Athletics: Palace doubt for mile master

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The Independent Online
HICHAM EL GUERROUJ may be the new king of middle-distance running but his date at the Palace is in some doubt. The Moroccan, who smashed the world mile record in Rome 11 days ago, was recovering in Casablanca yesterday after falling sick in Nice while preparing for the Nikaia IAAF Grand Prix meeting last night. He has already withdrawn from the Golden League meeting in Paris next week and his scheduled appearance in the CGU British Grand Prix at Crystal Palace on 7 August also looks to be under threat.

Instead of attacking Noureddine Morceli's 2,000m world record last night, El Guerrouj was undergoing tests to determine the precise nature of his illness. He will remain under medical supervision for four days and rest for 10 days. Unless he makes a swifter than expected recovery he may decide to miss his planned mile race in London - in which he had pledged to chase his world-record time, 3 min 43.13 sec - and concentrate on training in the build-up to the world championships, which open in Seville on 21 August.

There were also two notable British absentees from the meeting in Nice, Steve Backley withdrawing from his scheduled clash with his old nemesis Jan Zelezny, the javelin world record holder, and Tony Jarrett scratching from the 110m hurdles, citing "fatigue". Both could miss the CGU world championship trials meeting at the Alexander Stadium in Birmingham next Friday, Saturday and Sunday.

One definite absentee will be the new golden boy of British high jumping, Ben Challenger, who has been granted permission to concentrate on his preparations for the following week's European Under-23 Championships in Gothenburg. His place in the British team for Seville has been assured by his victory in the World Student Games in Majorca last weekend.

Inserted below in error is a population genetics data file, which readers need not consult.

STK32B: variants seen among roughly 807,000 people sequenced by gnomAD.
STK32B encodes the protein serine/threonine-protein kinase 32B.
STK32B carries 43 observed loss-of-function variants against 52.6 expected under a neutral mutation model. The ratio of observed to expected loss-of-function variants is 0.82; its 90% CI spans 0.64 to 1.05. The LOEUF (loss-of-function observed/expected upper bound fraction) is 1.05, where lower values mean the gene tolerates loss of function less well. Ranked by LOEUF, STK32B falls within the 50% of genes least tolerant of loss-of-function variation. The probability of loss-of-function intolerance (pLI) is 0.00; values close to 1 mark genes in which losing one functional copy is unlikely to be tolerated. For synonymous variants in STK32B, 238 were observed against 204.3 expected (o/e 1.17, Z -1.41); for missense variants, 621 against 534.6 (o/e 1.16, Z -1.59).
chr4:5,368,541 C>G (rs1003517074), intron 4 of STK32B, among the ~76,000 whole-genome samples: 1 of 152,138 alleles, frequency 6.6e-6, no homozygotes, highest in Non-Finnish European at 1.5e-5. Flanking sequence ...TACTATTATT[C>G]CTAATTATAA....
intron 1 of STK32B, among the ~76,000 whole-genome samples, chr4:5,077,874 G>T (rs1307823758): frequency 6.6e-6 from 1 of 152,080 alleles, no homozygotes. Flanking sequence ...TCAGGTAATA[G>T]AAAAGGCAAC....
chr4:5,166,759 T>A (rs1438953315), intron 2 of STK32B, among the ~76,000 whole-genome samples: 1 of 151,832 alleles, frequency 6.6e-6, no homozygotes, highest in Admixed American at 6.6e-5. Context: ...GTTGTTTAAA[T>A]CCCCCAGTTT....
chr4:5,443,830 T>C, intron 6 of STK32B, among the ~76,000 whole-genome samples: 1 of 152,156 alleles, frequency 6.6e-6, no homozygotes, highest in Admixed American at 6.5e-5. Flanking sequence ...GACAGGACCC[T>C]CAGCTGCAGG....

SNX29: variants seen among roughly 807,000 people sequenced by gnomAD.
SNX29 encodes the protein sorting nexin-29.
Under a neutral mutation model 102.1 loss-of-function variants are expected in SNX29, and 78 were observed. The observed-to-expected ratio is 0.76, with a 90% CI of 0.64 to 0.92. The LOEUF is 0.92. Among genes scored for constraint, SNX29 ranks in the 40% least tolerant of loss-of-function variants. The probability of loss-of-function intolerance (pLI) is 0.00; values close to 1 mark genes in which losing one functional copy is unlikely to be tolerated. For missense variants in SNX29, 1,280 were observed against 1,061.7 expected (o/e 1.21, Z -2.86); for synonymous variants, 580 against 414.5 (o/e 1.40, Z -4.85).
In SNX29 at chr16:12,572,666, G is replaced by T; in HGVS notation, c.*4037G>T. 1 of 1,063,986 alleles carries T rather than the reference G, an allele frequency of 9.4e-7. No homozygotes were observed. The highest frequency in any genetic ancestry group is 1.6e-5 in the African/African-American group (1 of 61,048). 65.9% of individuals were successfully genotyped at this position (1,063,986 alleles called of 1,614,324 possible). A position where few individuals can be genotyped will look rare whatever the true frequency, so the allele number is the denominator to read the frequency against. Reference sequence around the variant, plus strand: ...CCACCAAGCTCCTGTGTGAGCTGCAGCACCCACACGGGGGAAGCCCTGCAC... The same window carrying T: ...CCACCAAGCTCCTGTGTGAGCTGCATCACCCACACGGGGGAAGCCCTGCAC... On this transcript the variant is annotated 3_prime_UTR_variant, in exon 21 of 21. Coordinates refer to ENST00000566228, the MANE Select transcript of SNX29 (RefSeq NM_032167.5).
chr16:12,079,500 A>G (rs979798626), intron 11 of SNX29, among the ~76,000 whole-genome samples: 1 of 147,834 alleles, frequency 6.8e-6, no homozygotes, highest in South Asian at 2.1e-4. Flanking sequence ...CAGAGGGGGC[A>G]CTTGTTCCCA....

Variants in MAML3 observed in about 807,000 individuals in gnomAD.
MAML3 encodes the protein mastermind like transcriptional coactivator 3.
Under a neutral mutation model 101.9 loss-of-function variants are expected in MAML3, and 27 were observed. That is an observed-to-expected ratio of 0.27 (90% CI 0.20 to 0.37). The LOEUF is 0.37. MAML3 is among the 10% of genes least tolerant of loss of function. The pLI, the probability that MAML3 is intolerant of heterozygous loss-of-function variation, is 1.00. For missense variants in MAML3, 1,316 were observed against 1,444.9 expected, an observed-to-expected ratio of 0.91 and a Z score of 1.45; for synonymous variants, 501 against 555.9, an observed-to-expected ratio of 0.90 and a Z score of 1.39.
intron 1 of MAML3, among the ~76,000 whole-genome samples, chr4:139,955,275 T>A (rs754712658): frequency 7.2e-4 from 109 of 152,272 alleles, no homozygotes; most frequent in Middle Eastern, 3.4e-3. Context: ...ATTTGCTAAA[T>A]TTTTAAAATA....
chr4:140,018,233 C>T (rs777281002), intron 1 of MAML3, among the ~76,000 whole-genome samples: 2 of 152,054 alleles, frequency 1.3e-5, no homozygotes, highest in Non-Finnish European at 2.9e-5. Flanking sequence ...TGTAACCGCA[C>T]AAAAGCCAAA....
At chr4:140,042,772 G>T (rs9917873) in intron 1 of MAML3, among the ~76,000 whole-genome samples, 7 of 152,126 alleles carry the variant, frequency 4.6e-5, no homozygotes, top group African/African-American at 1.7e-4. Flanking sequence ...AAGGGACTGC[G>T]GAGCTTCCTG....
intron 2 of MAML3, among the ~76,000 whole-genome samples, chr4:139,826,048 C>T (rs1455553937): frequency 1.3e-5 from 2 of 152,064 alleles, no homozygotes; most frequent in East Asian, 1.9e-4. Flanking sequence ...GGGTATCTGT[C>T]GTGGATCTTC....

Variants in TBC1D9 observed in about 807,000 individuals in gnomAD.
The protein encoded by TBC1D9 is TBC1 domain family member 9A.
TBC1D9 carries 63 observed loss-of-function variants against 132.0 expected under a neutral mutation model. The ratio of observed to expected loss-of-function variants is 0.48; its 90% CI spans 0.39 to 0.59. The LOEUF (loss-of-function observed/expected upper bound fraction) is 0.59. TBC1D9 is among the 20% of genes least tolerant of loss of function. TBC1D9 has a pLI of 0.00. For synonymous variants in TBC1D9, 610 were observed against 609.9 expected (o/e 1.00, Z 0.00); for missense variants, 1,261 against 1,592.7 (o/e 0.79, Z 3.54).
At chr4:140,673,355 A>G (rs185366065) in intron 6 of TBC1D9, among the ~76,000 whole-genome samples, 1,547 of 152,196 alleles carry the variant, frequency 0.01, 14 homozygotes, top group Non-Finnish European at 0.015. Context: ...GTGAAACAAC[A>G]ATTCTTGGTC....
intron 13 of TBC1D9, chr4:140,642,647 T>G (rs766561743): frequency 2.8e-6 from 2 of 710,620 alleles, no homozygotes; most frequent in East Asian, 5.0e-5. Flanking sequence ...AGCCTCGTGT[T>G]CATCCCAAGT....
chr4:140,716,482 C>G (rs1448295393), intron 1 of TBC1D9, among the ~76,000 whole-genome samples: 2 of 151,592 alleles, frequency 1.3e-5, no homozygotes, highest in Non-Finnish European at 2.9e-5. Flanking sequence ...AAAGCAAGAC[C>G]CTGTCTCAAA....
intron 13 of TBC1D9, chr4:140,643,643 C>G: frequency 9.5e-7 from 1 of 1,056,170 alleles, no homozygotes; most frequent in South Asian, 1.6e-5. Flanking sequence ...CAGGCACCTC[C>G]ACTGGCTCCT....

It has certainly been a good week for Britons on the international circuit. Following Challenger's winning 2.30m jump in Majorca and Curtis Robb's 1:45:51 for 800m last weekend in Latvia, the fastest by a Briton for six years, Jonathan Edwards returned to form with a vengeance in Spain on Thursday night. Competing in Salamanca, where he first broke the triple jump world record in 1995, the Gateshead Harrier hopped, stepped and jumped to the top of the world rankings for 1999 with an effort of 17.71m.

In doing so Edwards struck a mighty psychological blow in the run-up to the world championships, relegating Yoelvis Quesada, the Cuban who succeeded him as world champion in Athens two years ago, to a distant second-place with 17.27m.